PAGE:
* ZFS supports data deduplication, which is a memory hog and only works well for specialized workloads. btrfs has no equivalent.
+
Portage's behavior can be controlled by a number of configuration settings other variables that can be defined within the ebuild itself. In addition, a number of these variables are defined for the ebuild automatically by Portage. These variables are now documented on their own page: [[Portage Variables]].
 +
=== Multiple ABI Support ===
  
* ZFS datasets have a hierarchical namespace while btrfs subvolumes have a flat namespace.
+
Portage contains support for multiple ABIs (Application Binary Interfaces) co-existing on the same system. This functionality has been extensively documented and has been moved to its own page: [[Multiple ABI Support]].
  
* ZFS has the ability to create virtual block devices called zvols in its namespace. btrfs has no equivalent and must rely on the loop device for this functionality, which is cumbersome.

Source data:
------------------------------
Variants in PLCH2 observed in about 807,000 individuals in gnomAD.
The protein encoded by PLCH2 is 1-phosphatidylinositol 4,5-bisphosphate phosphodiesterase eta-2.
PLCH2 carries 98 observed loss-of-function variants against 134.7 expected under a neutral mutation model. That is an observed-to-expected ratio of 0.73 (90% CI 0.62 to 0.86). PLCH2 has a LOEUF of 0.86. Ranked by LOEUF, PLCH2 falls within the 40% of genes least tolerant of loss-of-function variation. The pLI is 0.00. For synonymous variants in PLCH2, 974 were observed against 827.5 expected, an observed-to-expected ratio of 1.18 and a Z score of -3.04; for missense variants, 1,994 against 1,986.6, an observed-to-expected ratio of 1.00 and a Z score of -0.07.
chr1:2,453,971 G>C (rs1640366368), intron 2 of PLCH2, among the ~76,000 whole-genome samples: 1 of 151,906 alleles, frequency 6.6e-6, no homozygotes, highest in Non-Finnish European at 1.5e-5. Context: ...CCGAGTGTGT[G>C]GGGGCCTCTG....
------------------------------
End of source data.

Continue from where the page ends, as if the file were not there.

+
=== Ebuild Functions ===
  
The only area where btrfs is ahead of ZFS is in the area of small file
+
An ebuild developer has the ability to define [[Ebuild Functions]] that define steps to perform during a particular part of the ebuild lifecycle. These steps are now documented on their own page: [[Ebuild Functions]].
efficiency. btrfs supports a feature called block suballocation, which
+
enables it to store small files far more efficiently than ZFS. It is
+
possible to use another filesystem (e.g. reiserfs) on top of a ZFS zvol
+
to obtain similar benefits (with arguably better data integrity) when
+
dealing with many small files (e.g. the portage tree).
+
  
For a quick tour of ZFS and have a big picture of its common operations you can consult the page [[ZFS Fun]].
+
=== Funtoo Portage Development ===
  
=== Disclaimers ===
+